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Branding the eco-city: Rhetoric or reality?

A special issue of Sustainability (ISSN 2071-1050).

Deadline for manuscript submissions: closed (31 August 2019) | Viewed by 4023

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Guest Editor
Department of Marketing, University of Otago, Dunedin 9054, New Zealand
Interests: place branding; place identity; corporate social responsibility; urban development and change
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Special Issue Information

Dear Colleagues,

Over the past two decades, researchers have focused their attention on understanding the concept of eco-cities as a means to realise sustainable urban development. Within this debate, some authors have questioned whether the eco-city model is no more than a branding hoax (Yigitcanlar and Lee, 2014). In practice, there is evidence of the widespread adoption of eco-city models as a mechanism to achieve sustainable development (Caprotti, 2014; de Jong, Chen, Joss, Lu, Zhao, Yang, and Zhang, 2018).

The aim of this Special Issue of Sustainability is to critically examine the connections between city branding and sustainable urban development, with a particular focus on eco-city models. This special issue welcomes papers that investigate whether these two frameworks for organising and governing urban development are conceptually compatible, realistic, and potentially synergistic in their ambitions. Alternatively, is there evidence to show that eco-city branding strategies are little more than a rhetorical device? Contributions are encouraged on topics that bridge the theories and practice of branding eco-cities. In particular, papers on the following topics are encouraged:

  • Evidence-based outcomes of eco-city branding strategies to achieve sustainable outcomes
  • Stakeholder perceptions of eco-city brands (including credibility, uniqueness, and fit)
  • The influence of eco-urbanism on cities’ branding strategies and practices
  • The process of and mechanisms for constructing eco-city branding strategies
  • Residents’ participation and engagement in eco-city branding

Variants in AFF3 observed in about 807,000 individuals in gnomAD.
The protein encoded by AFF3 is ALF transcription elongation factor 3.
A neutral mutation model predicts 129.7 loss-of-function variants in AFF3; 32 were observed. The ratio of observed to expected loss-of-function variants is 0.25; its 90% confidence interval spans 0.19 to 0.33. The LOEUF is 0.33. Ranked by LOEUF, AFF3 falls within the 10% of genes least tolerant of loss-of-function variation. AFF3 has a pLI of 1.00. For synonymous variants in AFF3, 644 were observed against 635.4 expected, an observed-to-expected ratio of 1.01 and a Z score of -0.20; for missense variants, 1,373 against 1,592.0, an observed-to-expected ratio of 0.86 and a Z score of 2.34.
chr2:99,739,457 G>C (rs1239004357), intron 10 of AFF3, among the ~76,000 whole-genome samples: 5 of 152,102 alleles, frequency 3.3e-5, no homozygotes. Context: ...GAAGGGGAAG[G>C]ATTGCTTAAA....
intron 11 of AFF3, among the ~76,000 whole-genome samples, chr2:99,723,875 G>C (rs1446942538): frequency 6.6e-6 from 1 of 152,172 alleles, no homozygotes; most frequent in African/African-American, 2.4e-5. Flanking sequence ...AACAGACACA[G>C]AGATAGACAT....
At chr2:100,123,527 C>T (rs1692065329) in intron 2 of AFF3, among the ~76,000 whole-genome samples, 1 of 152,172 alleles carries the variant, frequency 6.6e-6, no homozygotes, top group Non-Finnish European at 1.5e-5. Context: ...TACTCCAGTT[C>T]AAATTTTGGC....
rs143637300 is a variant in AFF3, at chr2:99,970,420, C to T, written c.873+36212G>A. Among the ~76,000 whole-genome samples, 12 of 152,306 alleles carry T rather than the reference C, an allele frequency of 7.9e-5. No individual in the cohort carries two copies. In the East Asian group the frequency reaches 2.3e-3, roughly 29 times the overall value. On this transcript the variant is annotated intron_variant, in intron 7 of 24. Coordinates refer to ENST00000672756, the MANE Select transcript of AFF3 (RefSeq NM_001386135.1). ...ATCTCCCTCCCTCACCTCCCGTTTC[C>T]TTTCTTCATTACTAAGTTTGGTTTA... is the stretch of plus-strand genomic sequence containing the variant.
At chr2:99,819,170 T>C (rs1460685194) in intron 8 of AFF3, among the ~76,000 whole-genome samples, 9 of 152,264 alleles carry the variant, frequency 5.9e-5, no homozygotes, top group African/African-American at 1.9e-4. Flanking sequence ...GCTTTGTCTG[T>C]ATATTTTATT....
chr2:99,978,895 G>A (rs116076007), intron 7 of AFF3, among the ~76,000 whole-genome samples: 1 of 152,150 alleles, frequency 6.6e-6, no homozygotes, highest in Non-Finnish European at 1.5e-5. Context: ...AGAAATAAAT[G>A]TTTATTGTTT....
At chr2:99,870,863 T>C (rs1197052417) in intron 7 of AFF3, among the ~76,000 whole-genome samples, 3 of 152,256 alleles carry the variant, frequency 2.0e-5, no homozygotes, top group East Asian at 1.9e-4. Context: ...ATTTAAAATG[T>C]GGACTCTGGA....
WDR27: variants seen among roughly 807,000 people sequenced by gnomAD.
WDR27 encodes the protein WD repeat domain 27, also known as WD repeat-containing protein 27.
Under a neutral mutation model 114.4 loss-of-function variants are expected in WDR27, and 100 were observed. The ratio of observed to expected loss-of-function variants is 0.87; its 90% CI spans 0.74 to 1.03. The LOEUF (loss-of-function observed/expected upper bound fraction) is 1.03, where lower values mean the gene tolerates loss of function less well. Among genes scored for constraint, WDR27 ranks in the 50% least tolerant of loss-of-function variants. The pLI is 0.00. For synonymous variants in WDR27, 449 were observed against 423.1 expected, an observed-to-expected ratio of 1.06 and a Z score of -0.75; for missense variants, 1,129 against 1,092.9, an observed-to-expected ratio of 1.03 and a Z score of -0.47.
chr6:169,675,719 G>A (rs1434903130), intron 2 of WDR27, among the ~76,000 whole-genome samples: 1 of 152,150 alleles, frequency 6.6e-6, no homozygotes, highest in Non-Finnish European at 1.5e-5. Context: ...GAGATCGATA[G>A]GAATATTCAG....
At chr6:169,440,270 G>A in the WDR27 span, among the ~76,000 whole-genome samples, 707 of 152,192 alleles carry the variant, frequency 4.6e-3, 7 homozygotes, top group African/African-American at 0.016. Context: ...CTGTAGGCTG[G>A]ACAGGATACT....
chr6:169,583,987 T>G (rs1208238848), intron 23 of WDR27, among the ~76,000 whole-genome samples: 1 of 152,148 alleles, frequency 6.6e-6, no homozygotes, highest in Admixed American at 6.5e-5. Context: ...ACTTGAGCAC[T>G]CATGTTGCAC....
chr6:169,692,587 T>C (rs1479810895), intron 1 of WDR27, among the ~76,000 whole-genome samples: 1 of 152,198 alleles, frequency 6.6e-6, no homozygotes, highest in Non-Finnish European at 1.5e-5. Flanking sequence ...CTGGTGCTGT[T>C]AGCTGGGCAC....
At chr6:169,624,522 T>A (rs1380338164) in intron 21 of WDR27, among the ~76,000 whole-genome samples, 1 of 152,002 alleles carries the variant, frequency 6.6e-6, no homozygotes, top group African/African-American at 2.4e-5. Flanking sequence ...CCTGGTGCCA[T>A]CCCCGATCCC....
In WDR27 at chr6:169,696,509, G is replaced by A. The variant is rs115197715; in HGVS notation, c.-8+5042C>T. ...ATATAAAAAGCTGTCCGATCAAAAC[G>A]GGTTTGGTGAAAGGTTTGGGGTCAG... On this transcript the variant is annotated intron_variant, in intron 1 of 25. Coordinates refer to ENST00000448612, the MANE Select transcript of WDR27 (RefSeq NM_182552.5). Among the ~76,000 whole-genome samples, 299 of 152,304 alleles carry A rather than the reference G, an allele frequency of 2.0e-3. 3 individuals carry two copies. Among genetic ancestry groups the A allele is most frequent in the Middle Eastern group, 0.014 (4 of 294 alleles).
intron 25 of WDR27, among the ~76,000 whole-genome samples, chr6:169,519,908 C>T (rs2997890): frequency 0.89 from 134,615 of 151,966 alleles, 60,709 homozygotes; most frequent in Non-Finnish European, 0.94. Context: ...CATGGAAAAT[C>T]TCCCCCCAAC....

• The interplay of economic and industrial development on cities’ eco-brand positioning
  • The role of scale and status in national and global city hierarchies in influencing eco-city branding strategies and practices
  • Discourse analysis, as well as other approaches, to examine the meaning of eco-city brands
  • Re-branding and repositioning city brands as eco-cities so as to achieve sustainable urban development


de Jong, M., Chen, Y., Joss, S., Lu, H., Zhao, M., Yang, Q., & Zhang, C. (2018). Explaining city branding practices in China's three mega-city regions: The role of ecological modernization. Journal of Cleaner Production, 179, 527-543. doi:

Caprotti, F. (2014). Critical research on eco-cities? A walk through the Sino-Singapore Tianjin Eco-City, China. Cities, 36, 10-17. doi:

Yigitcanlar, T., & Lee, S. H. (2014). Korean ubiquitous-eco-city: A smart-sustainable urban form or a branding hoax? Technological Forecasting and Social Change, 89, 100-114. doi:

Dr. Andrea Insch
Guest Editor

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  • sustainable urbanisation
  • eco-cities
  • city branding
  • sustainability
  • urban planning

Published Papers (1 paper)

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46 pages, 1373 KiB  
City Branding and Industrial Transformation from Manufacturing to Services: Which Pathways do Cities in Central China Follow?
by Meiling Han, Martin de Jong and Minghui Jiang
Sustainability 2019, 11(21), 5992; - 28 Oct 2019
Cited by 6 | Viewed by 3497
A potentially attractive way for cities to maintain economic growth while reducing environmental harm is to let their production structures undergo industrial transformation, a process otherwise known as ecological modernization. This attraction lies mainly in the fact that residents, visitors and corporations prefer [...] Read more.
A potentially attractive way for cities to maintain economic growth while reducing environmental harm is to let their production structures undergo industrial transformation, a process otherwise known as ecological modernization. This attraction lies mainly in the fact that residents, visitors and corporations prefer clean air, water and soil as a milieu to invest their resources in. Municipal governments can use city branding as an important instrument to force off such a transformation, if it is taken as a point of departure for the adoption of a strategy to which they are deeply committed and for the benefit of which they are willing to deploy their various policy instruments. In the literature on ecological modernization, five different pathways for industrial transformation in cities have been identified and these have been matched with city branding practices. In this contribution, the abovementioned conceptual framework is further detailed and specified to account for a variety in types of secondary and tertiary sector industries. In the empirical sections, all cities in the Chinese provinces Hubei and Hunan, where the transition from manufacturing to services is typically most pressing, are examined in terms of their industrial structures, pathways to industrial transformation and city branding choices. The results indicate, inter alia, that further subdivision of the secondary and tertiary economic sectors is useful in understanding key features of the transformation, and that different sub-pathways affect tradeoffs between economic expansion and ecological preservation differently. Branding practices among Hubei and Hunan cities also indicate that some industries are more easily embraced and utilized than others in establishing brand identities and adopting popular city labels. Full article
(This article belongs to the Special Issue Branding the eco-city: Rhetoric or reality?)
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